The bureau sought clarification from Prepa as to why it created a scenario containing the so-called fixed decisions for projects.




Puerto Rico utility to submit revised integrated resource plan

A Puerto Rico energy regulator hearings in November 2016 to investigate Prepa’s rate hike. (Agustín Criollo/CB)

Energy regulator gave Friday deadline; Prepa chief says power could be restored in months after future hurricane

SAN JUAN — The head of the Puerto Rico Electric Power Authority (Prepa), José Ortiz, said he will comply with the Energy Bureau’s deadline and submit by Friday a revised version of the utility’s integrated resource plan.

He made the remark in an aside during a Puerto Rico Manufacturers Association convention Thursday.

The 20-year IRP is to transform the island’s energy production and presents several strategies and scenarios for long-term supply. Prepa turned over the document to the Puerto Rico Energy Bureau (PREB) in February, but the regulator gave the ultility 30 days to revise it after identifying numerous deficiencies. The regulator later extended the deadline to Friday.

PREB Assistant Commissioner Lillian Mateo Santos said that after the bureau evaluates the document, it will be put through hearings before making a final determination.

The regulator ordered Prepa to justify certain “fixed decisions” and explain the need for preselected natural gas resources and limitations on solar power and storage. This year, the government enacted a law that would require the island to generate all of its power needs from renewable energy sources.

Along with proposing solar and storage projects, the IRP, which was developed by Siemens, the German engineering conglomerate, also recommends a variety of natural-gas infrastructure, compromising the island’s legislated public policy to only use renewables by 2050.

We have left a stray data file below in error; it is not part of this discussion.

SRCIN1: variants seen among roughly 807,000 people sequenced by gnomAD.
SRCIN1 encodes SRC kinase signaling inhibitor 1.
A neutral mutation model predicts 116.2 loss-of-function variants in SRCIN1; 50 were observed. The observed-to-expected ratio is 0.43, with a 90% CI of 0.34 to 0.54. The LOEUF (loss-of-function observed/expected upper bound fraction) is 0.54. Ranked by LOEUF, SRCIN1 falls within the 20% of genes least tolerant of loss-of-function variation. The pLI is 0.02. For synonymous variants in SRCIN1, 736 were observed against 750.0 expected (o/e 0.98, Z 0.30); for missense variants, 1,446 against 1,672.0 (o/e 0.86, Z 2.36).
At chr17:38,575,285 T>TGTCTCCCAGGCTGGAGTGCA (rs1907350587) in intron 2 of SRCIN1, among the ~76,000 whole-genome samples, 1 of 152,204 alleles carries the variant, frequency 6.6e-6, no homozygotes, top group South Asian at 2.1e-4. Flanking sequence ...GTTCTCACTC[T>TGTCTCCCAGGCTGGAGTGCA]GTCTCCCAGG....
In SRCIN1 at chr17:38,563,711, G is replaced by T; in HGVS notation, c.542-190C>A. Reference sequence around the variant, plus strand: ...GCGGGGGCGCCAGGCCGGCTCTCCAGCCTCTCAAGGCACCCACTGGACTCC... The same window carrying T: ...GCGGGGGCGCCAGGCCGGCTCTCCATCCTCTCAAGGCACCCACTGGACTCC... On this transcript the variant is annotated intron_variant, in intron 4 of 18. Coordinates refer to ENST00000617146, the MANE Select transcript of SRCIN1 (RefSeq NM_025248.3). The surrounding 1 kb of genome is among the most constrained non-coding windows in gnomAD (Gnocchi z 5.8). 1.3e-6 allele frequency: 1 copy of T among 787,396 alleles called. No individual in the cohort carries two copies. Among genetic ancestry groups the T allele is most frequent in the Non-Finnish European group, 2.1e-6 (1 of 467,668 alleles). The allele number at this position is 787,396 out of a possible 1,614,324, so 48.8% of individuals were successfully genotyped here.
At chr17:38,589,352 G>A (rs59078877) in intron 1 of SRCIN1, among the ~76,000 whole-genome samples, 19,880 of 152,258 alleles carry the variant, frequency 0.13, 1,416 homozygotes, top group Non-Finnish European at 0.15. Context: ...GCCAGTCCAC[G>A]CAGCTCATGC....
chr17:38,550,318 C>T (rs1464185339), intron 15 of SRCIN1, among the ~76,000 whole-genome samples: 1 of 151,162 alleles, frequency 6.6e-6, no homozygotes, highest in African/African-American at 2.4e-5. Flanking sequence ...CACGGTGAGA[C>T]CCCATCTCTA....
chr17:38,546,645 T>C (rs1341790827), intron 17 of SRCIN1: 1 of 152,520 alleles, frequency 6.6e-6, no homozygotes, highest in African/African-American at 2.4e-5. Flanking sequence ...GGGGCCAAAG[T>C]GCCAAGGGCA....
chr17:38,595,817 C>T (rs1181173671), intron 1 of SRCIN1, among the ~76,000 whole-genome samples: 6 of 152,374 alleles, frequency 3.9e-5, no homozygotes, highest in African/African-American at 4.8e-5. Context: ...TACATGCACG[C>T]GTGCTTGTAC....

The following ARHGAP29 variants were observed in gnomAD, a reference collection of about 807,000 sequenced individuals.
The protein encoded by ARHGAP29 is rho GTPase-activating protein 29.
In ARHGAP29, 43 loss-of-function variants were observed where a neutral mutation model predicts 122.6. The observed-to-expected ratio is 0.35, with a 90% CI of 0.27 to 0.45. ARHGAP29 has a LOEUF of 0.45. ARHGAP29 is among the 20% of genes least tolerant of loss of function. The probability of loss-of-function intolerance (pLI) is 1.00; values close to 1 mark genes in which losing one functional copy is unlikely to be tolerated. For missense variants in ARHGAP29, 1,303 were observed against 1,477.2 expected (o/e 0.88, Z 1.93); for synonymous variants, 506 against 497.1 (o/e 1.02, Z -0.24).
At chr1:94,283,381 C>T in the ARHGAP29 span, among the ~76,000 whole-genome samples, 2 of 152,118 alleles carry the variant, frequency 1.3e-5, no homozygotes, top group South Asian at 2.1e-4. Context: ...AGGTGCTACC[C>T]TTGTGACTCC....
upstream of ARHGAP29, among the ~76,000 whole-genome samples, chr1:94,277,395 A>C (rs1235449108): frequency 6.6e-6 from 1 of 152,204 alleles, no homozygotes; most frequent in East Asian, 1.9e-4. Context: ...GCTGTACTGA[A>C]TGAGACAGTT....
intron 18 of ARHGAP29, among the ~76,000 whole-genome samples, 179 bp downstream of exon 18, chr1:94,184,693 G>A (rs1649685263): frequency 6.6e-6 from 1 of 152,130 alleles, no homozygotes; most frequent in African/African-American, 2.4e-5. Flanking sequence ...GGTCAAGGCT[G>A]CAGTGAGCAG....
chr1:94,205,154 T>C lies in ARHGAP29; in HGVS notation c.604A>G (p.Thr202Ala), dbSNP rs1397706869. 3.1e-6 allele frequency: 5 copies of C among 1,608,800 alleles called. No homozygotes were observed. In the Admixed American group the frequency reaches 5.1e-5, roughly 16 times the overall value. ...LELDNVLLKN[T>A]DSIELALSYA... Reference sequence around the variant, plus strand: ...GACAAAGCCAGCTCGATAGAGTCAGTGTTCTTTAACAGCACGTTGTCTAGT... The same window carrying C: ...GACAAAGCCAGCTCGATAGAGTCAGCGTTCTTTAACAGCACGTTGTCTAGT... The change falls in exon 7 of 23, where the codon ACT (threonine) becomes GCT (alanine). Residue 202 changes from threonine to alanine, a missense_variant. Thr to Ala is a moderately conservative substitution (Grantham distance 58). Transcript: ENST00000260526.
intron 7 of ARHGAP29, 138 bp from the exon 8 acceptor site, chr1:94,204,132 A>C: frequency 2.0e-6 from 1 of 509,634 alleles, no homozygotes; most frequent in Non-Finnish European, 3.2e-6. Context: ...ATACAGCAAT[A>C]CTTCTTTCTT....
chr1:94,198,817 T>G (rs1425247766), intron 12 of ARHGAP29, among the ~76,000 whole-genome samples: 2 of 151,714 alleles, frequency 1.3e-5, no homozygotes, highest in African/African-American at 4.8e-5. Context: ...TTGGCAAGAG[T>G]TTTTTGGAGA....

The resource plan proposes to divide the island into eight mini-grid regions for a distributed system that can operate independently in the event of a disaster. It also calls for smaller microgrids in geographical areas that make repairs difficult.

The original IRP supported two scenarios for the provision of energy. The first is a generation portfolio, identified as Scenario 4 Strategy 2 (S4S2), which meets the criteria for least cost, resiliency and viability in terms of installation of solar energy storage and distribution. It calls for the option of developing ship-supplied liquefied natural gas (LNG) terminals at Yabucoa on the east coast and Mayagüez on the west coast.

The scenario also includes an LNG terminal in San Juan, which could obtain permitting approval. The scenario assumes solar and storage costs and availability based on reference-case assumptions.

However, the IRP also favored a scenario called Energy System Modernization (ESM), which according to Prepa, is based on several generation expansions.

“The purpose of the ESM Plan is to expedite the implementation of a preferred plan, utilizing procurement options presented by the Public-Private Partnerships Authority, identify the pricing structure necessary to retain existing natural gas-fired generation in the south, consider location alternatives for new large-scale [combined-cycle gas turbines] and ensure reliable capacity in the San Juan area,” the IRP reads.

The ESM is based on “fixed decisions” that include the building of a natural gas import terminal and gas plant in Yabucoa, a new land-based natural gas import terminal and gas plant in the San Juan area, a ship-based natural gas import terminal and conversion to natural gas of existing units in Mayagüez, and a new powerplant in San Juan. The economic simulation of the ESM case results in 900 megawatts of utility-scale photovoltaic additions over the plan’s first four years.